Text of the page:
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home : features : features July 22, 2014


10/3/2013 8:38:00 AM
Former Fuddrucker's is now JTED culinary school
Students in the Mountain Institute Culinary Arts program practice cooking eggs over easy on Monday, the first day in their new digs at the former Fuddrucker’s restaurant in Prescott Valley. From left are juniors Cordell Crise and Christian Patterson with instructor/Chef Esther Flannigan.
Trib Photo/Sue Tone
Students in the Mountain Institute Culinary Arts program practice cooking eggs over easy on Monday, the first day in their new digs at the former Fuddrucker’s restaurant in Prescott Valley. From left are juniors Cordell Crise and Christian Patterson with instructor/Chef Esther Flannigan.
Trib Photo/Sue Tone
The Fuddruckers restaurant in Prescott Valley closed its doors in late March.
Photo courtesy Les Stukenberg/The Daily Courier
The Fuddruckers restaurant in Prescott Valley closed its doors in late March.
Photo courtesy Les Stukenberg/The Daily Courier

Sue Tone
Reporter


Mountain Institute students in the Culinary Arts program have the run of a professional building suited for learning how to prepare, cook, and serve meals - the former Fuddrucker's restaurant in Prescott Valley.

Students previously attended classes on the east campus of the Humboldt Unified School District offices since the program began three years ago. It is one of a dozen programs offered to students from all seven Yavapai County school districts through the Joint Technical Education District.

"The cafeteria at Humboldt is designed for mass production. This here is more in line with industry experience," said Leon Hanhardt, JTED instructional services director, of the new facility on Monday.

JTED operates two Culinary Arts programs: the one housed at the former restaurant is a "central campus," and one exists on the Chino Valley High School campus. Both have seen an increase in enrollment, leading JTED officials to look for larger lodgings. Chino Valley's program has 113 students currently enrolled, compared to 88 this past year; the central campus increased from 34 to 45.

Hanhardt said he expects the new facility would help keep students in the program, as about 75 percent do not continue on with the second year of classes. The "improved program quality" at the restaurant facility better matches the culinary industry, he said.

HUSD charged Mountain Institute 50 cents per square foot for two areas in the east campus cafeteria, about $1,759.50 per month, plus a percentage of utilities and a part-time custodian.

JTED pays Fain Signature Group, owner of the restaurant property located in the Entertainment District, $2,500 per month or 50 cents per foot, said JTED Finance Director Howard Moody. Common area maintenance is another $1,204, with taxes and insurance of $1,616 per month, for a total of about $5,320 to $5,358 per month.

This past year, HUSD also rented two spaces to JTED on the former east campus for the Sports Medicine program. That program is moving later this month to remodeled classrooms in the JTED building at its Centerpoint location off Highway 89A between Prescott Valley and Prescott. The loss of revenue for Humboldt for this program is an additional $1,761 per month.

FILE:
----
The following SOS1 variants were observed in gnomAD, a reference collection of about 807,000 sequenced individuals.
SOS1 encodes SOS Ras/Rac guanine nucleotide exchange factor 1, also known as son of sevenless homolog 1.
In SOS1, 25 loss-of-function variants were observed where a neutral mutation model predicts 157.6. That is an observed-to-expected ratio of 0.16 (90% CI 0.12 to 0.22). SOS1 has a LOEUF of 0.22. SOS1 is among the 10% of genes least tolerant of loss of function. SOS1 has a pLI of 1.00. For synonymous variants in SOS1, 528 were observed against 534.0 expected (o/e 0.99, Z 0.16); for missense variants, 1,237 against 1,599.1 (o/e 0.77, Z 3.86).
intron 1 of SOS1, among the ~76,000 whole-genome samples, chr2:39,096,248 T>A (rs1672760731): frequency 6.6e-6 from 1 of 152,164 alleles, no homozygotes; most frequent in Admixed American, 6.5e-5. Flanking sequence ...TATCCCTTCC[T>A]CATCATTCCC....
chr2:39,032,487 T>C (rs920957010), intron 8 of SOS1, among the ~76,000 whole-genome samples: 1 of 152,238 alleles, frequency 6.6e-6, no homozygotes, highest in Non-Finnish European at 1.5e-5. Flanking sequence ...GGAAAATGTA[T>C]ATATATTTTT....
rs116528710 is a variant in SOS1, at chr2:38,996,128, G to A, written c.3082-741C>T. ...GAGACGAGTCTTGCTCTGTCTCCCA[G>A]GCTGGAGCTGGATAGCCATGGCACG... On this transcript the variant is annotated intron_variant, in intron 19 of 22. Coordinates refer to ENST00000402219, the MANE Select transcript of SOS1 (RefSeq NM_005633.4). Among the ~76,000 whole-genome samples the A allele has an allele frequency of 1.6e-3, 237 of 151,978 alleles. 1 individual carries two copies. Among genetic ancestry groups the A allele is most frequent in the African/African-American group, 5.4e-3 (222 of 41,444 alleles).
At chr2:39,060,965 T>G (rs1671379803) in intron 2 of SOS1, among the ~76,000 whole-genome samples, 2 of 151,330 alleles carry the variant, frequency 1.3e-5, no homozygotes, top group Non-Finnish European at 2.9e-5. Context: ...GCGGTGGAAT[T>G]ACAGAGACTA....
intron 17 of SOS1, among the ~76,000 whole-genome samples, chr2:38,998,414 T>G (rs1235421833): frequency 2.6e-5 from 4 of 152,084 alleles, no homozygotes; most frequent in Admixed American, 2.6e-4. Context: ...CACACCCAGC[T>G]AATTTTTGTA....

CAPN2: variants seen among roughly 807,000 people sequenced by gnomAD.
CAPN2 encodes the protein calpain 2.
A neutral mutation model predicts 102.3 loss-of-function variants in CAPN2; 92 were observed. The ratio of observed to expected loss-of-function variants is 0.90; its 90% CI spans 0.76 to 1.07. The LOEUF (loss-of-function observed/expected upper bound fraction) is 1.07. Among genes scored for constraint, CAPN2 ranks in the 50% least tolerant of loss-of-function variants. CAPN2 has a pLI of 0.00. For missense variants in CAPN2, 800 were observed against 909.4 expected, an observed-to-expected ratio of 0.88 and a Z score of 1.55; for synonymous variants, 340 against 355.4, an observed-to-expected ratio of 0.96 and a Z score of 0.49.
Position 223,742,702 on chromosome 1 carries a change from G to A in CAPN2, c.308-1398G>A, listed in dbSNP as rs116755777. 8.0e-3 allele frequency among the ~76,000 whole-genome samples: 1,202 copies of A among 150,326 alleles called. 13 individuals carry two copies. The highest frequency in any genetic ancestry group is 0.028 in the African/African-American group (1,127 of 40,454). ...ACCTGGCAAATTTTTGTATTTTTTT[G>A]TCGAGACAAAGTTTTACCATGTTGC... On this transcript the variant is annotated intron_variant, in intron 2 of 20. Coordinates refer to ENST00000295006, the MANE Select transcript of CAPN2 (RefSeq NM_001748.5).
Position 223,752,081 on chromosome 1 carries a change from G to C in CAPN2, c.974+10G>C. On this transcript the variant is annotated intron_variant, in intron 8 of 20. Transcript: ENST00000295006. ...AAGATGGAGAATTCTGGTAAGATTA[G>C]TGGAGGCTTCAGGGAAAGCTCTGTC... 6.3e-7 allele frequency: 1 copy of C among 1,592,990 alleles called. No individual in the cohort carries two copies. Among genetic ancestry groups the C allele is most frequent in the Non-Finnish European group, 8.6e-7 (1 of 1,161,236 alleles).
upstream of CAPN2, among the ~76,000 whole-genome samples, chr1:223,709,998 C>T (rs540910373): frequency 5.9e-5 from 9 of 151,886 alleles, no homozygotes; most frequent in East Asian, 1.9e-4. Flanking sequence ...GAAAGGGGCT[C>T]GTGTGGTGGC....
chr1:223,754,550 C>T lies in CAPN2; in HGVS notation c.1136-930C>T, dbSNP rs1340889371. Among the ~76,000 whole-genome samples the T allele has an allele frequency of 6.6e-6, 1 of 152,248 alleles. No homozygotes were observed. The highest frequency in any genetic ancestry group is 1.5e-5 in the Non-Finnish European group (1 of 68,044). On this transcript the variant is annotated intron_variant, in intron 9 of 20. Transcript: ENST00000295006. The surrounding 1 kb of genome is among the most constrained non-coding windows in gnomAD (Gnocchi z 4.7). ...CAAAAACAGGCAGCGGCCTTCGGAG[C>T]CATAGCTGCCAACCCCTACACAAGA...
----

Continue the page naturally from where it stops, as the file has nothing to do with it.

Prior to July, when state legislators made a change, Arizona JTEDs were not allowed to use classroom space not connected to the school districts' own facilities, Plumb said, adding that he received three comparable quotes, including HUSD's cafeteria, for the culinary arts program.

"It was the same base rent, but the buildings are very different," he said.

The wrestling and training rooms at the east campus gym had stations set up for sports medicine students. The remodeled classrooms at Centerpoint are equipped as a commercial facility, Plumb said, and set up similar to a medical clinic with exam rooms.

Plumb said he had been actively looking at real estate for some time as both the culinary and the sports medicine programs had one-year temporary leases.

"Even the Fuddrucker facility is a temporary arrangement. We are hoping for something permanent. This is just a step up in quality," he said.

Culinary Instructor Stephanie Mahoney said the new building is "bright and exciting." She uses the conference room as a classroom.

"This is our first day in. We're getting our equipment together and unpacking a little at a time," Mahoney said on Monday.

Bradshaw Mountain High School senior Sergio Rios said he hopes to go on to a culinary arts college after finishing high school.

"Food fascinates me. I helped my mom in the kitchen since I was a little kid," he said. "After college I want to work somewhere to use what I learned."


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Reader Comments

Posted: Wednesday, October 2, 2013
Article comment by: Shelly Damschroder

This sounded good, until they released the figures. Should schools support schools, as opposed to spending about double for a similar environment? Poor financial planning by JTED. Facilities are available in the area, but lets spend money on remodeling other buildings. I would think the better use of money would be to expand the program and maintain the current equipment. Something about education first.....



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